Dragged through the Mud

As some of you may have noticed, I’m a bit cynical. I’m not very optimistic at all. Some people get the impression that I hate Russia and everything associated with it. Of course this is nonsense. What I hate here is a particular cultural trend, carefully cultivated by the power structure. But then you might ask, why focus on the bad? Why not just ignore the legions of vatniks and busy yourself with your own hobbies like you supposedly used to do years ago? Well unfortunately my job not only eliminates most of my free time, but it also forces me to have to listen to the statements of Putin, Lavrov, and everyone else who must surely have popped out of a tiny car in some circus, somewhere. There is a deeper factor though, and if you do not know this you cannot understand the kind of rage I feel sometimes living in this country. It would take me many pages to fully illustrate this experience, but luckily there is a very concrete example which can serve as a microcosm of what I feel living in 2015 Russia.

I have long struggled for a proper analogy, and I can’t say that I have found a suitable one yet, but I ask that you bear with me. Imagine there is a subject which you love intensely. It’s not merely a hobby, it is a passion. It is something you’ve sunk money into and time into. You gave up other things for the sake of this passion. Now imagine that some other people, who never had any interest in your passion, decided that it was somehow useful to them in furtherance of their own base goals. They begin to appropriate the subject you love, drag it through the mud, and by their insistence on associating themselves with it, the thing you once loved is marred by its connection with those vultures. Eventually you find yourself hating the thing you once loved. You don’t want to hear about it anymore. You don’t want to talk about it. It feels like a great part of your life was wasted, because  every time you think about that thing you loved, you see the scum who corrupted it and you’re no longer able to sever the two in your own mind.

That, folks, is what happened to me. Since the age of 14 I had been intensely interested in the so-called “Eastern Front” of the Second World War. Like most English-speakers who take such an interest, I became acquainted with the subject via German sources, hence the use of the term “Eastern Front” in popular English parlance. In my case it was F.W. von Mellenthin’s Panzer Battles, which included a specific chapter on the peculiarities of fighting with the Red Army. No such study on any other Allied army had been included. Around the same time I saw the World at War episodes on Operation Barbarossa and Stalingrad.

Stalingrad especially resonated with me. Of course what we refer to as the “battle of Stalingrad” was in fact a massive campaign stretching back to the Don near Voronezh and all the way down to the Caucasus mountains not far from Grozny, but I don’t think I’m alone when I say that for me, Stalingrad was just that- the battle for the city of Stalingrad. There’s just something about a war in a city that someone in brought up in an urban environment could appreciate. I first saw the steppes of southern Russia in 1999 when I was 16, and even then it was hard to imagine what combat would be like on those foggy plains outside the window of my train. But Stalingrad was something you could truly appreciate. Every window could conceal a sniper. Every building is a labyrinth where the enemy could be hiding just beyond that next wall.  People’s homes become fortresses. The battlefield simply isn’t a field.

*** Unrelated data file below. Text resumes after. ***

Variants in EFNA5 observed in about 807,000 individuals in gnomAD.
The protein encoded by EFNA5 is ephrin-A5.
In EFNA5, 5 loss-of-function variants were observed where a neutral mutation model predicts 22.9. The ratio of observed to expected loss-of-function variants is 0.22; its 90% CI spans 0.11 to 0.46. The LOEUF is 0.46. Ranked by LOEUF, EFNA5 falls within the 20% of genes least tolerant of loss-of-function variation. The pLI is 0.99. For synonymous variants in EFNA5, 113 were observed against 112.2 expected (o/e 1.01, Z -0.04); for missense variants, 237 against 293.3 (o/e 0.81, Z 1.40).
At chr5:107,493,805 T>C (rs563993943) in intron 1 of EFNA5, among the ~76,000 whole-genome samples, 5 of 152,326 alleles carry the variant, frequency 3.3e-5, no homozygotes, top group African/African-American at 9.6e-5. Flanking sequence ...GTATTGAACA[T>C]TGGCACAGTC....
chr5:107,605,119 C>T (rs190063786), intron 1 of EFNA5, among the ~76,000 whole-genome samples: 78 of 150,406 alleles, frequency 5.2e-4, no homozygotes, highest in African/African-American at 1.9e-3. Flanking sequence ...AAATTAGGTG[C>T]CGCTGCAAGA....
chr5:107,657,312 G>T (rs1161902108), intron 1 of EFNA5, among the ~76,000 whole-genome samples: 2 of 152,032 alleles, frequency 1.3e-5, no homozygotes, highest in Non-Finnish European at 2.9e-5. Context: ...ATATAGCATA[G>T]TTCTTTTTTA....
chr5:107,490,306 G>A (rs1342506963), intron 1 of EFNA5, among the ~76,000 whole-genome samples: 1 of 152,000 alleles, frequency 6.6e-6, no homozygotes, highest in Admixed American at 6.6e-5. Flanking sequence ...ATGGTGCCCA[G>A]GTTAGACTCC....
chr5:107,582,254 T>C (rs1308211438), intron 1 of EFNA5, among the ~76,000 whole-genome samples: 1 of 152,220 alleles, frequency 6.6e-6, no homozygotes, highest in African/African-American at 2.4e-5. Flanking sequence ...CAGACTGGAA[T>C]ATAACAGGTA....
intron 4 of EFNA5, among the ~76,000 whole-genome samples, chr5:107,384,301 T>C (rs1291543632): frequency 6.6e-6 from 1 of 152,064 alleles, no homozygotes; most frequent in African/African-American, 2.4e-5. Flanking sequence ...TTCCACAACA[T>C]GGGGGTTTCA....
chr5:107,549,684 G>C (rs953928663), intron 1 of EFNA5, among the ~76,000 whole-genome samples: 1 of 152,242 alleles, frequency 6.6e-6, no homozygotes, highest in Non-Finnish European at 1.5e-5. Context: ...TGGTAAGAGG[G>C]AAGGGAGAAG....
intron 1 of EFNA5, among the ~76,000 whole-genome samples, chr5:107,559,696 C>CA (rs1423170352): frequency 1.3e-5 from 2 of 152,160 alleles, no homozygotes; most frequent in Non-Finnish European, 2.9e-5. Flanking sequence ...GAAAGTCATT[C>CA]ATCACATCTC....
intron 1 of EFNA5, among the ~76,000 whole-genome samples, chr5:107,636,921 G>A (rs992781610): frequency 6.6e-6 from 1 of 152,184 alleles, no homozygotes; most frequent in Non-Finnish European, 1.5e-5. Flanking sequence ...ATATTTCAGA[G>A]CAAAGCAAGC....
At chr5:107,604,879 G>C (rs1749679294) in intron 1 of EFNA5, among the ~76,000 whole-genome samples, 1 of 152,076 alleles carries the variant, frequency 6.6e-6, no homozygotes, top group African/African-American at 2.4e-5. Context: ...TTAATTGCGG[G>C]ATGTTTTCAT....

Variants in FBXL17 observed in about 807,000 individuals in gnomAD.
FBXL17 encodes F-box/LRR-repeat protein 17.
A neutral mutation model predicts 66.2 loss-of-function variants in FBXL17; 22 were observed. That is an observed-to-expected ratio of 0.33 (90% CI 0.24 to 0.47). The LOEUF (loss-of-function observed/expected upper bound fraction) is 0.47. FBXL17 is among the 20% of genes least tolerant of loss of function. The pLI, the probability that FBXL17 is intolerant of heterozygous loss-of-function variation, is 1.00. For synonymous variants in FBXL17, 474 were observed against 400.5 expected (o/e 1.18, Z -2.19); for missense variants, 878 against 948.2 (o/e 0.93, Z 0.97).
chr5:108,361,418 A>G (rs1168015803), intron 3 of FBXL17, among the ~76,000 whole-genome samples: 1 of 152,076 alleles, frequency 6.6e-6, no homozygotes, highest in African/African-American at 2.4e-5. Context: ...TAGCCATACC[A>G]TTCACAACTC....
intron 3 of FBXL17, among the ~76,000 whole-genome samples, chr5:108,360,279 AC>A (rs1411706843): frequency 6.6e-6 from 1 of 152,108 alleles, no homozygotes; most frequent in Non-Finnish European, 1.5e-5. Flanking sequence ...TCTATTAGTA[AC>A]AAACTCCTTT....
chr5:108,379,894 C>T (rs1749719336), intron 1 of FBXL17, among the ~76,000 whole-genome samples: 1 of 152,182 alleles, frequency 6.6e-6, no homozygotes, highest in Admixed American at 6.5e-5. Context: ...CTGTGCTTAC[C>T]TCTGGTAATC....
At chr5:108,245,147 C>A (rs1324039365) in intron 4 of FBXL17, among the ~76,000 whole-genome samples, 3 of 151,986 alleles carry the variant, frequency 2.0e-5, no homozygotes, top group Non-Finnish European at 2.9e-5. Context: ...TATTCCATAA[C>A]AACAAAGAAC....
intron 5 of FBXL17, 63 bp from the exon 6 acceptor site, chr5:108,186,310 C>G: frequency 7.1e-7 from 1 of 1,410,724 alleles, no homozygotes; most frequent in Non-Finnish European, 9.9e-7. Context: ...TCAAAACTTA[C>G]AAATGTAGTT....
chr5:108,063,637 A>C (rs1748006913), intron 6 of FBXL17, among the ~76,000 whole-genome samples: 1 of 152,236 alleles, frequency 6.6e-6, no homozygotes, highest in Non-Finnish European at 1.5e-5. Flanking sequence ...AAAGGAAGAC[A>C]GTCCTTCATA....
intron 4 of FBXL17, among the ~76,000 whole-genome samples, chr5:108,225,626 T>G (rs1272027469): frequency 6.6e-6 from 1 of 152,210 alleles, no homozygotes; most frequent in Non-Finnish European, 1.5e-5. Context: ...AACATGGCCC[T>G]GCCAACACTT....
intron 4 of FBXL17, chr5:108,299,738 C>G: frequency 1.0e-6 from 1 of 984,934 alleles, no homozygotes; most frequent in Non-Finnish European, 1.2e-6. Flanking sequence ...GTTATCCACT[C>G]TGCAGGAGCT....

English-language sources on the Great Patriotic War weren’t exactly plentiful in those days, and I could rarely afford those that were. There was nothing like Wikipedia in those days. For these reasons when I could get my hands on something, I appreciated it.  With what I know now I can’t help but laugh at how excited I was about the film Enemy at the Gates when it came out in 2001. I was sure it would be the Eastern Front version of Saving Private Ryan, only this film was based on the actual historical soldier Vasili Zaitsev, of course. I loved it, stereotypes and inaccuracies in all. People don’t realize that  while the stereotypes in Enemy at the Gates are problematic, they are not seen as negative by Western admirers of the Great Patriotic War. We don’t look at the NKVD shooting down their own men as some kind of anti-Russian propaganda, but rather we admire the sacrifice and tenacity of the Russian soldier, who was supposedly caught between bullets from both sides.

Skipping ahead several years we get to my arrival in Russia, which was like passing through the gates of Disneyland. Well I mean Disneyland for a historian of the Second World War, not a bizarre negative version of Disneyland where everyone is pissed off all the time.  Whereas in my country my favorite topic was a sort of niche market even among history buffs, here it was Second World War history. As my Russian skills developed, more and more sources became available to me. But who cares about books when you can visit the GPW museums of Kyiv, Moscow, and Volgograd? In early 2008 I finally visited Volgo- no,Stalingrad, and with the best maps available to me I traced the front line starting from the landing where the 13th Guards Rifle division landed.